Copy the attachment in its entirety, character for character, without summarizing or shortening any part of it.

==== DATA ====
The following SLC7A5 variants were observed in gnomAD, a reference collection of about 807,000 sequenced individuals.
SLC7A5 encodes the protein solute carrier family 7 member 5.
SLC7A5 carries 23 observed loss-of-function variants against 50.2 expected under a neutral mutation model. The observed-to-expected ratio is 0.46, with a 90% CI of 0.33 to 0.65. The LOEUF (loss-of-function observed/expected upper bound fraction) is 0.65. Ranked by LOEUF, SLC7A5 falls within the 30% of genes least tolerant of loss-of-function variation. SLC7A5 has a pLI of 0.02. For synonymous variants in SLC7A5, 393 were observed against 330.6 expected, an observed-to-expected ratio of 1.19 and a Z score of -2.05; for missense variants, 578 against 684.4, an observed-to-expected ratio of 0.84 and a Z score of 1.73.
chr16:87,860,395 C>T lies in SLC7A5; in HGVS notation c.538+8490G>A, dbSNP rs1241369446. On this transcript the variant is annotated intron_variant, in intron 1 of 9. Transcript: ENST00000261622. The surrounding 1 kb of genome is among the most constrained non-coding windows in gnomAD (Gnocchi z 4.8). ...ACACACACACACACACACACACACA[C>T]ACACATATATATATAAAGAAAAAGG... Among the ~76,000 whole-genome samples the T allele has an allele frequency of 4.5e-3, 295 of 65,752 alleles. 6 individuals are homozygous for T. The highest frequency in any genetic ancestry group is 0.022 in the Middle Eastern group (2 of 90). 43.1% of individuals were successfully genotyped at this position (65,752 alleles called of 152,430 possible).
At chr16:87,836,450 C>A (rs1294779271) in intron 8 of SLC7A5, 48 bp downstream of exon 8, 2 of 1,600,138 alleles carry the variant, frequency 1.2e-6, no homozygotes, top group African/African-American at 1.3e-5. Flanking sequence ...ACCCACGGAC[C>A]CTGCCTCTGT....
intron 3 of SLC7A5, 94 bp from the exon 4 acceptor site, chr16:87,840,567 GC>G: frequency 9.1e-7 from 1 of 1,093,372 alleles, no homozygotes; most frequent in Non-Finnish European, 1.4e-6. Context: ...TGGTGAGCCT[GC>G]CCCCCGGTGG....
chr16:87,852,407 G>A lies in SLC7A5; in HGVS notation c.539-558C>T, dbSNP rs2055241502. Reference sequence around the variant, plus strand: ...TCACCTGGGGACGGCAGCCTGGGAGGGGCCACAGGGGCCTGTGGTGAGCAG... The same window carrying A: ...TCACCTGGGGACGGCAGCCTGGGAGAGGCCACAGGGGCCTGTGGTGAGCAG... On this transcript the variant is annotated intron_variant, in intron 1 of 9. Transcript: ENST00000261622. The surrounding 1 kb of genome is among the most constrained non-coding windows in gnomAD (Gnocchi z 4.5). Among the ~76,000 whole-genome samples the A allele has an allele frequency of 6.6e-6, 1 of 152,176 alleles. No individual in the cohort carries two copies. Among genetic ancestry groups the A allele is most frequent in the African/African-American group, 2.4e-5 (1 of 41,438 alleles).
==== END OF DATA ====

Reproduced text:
The following SLC7A5 variants were observed in gnomAD, a reference collection of about 807,000 sequenced individuals.
SLC7A5 encodes the protein solute carrier family 7 member 5.
SLC7A5 carries 23 observed loss-of-function variants against 50.2 expected under a neutral mutation model. The observed-to-expected ratio is 0.46, with a 90% CI of 0.33 to 0.65. The LOEUF (loss-of-function observed/expected upper bound fraction) is 0.65. Ranked by LOEUF, SLC7A5 falls within the 30% of genes least tolerant of loss-of-function variation. SLC7A5 has a pLI of 0.02. For synonymous variants in SLC7A5, 393 were observed against 330.6 expected, an observed-to-expected ratio of 1.19 and a Z score of -2.05; for missense variants, 578 against 684.4, an observed-to-expected ratio of 0.84 and a Z score of 1.73.
chr16:87,860,395 C>T lies in SLC7A5; in HGVS notation c.538+8490G>A, dbSNP rs1241369446. On this transcript the variant is annotated intron_variant, in intron 1 of 9. Transcript: ENST00000261622. The surrounding 1 kb of genome is among the most constrained non-coding windows in gnomAD (Gnocchi z 4.8). ...ACACACACACACACACACACACACA[C>T]ACACATATATATATAAAGAAAAAGG... Among the ~76,000 whole-genome samples the T allele has an allele frequency of 4.5e-3, 295 of 65,752 alleles. 6 individuals are homozygous for T. The highest frequency in any genetic ancestry group is 0.022 in the Middle Eastern group (2 of 90). 43.1% of individuals were successfully genotyped at this position (65,752 alleles called of 152,430 possible).
At chr16:87,836,450 C>A (rs1294779271) in intron 8 of SLC7A5, 48 bp downstream of exon 8, 2 of 1,600,138 alleles carry the variant, frequency 1.2e-6, no homozygotes, top group African/African-American at 1.3e-5. Flanking sequence ...ACCCACGGAC[C>A]CTGCCTCTGT....
intron 3 of SLC7A5, 94 bp from the exon 4 acceptor site, chr16:87,840,567 GC>G: frequency 9.1e-7 from 1 of 1,093,372 alleles, no homozygotes; most frequent in Non-Finnish European, 1.4e-6. Context: ...TGGTGAGCCT[GC>G]CCCCCGGTGG....
chr16:87,852,407 G>A lies in SLC7A5; in HGVS notation c.539-558C>T, dbSNP rs2055241502. Reference sequence around the variant, plus strand: ...TCACCTGGGGACGGCAGCCTGGGAGGGGCCACAGGGGCCTGTGGTGAGCAG... The same window carrying A: ...TCACCTGGGGACGGCAGCCTGGGAGAGGCCACAGGGGCCTGTGGTGAGCAG... On this transcript the variant is annotated intron_variant, in intron 1 of 9. Transcript: ENST00000261622. The surrounding 1 kb of genome is among the most constrained non-coding windows in gnomAD (Gnocchi z 4.5). Among the ~76,000 whole-genome samples the A allele has an allele frequency of 6.6e-6, 1 of 152,176 alleles. No individual in the cohort carries two copies. Among genetic ancestry groups the A allele is most frequent in the African/African-American group, 2.4e-5 (1 of 41,438 alleles).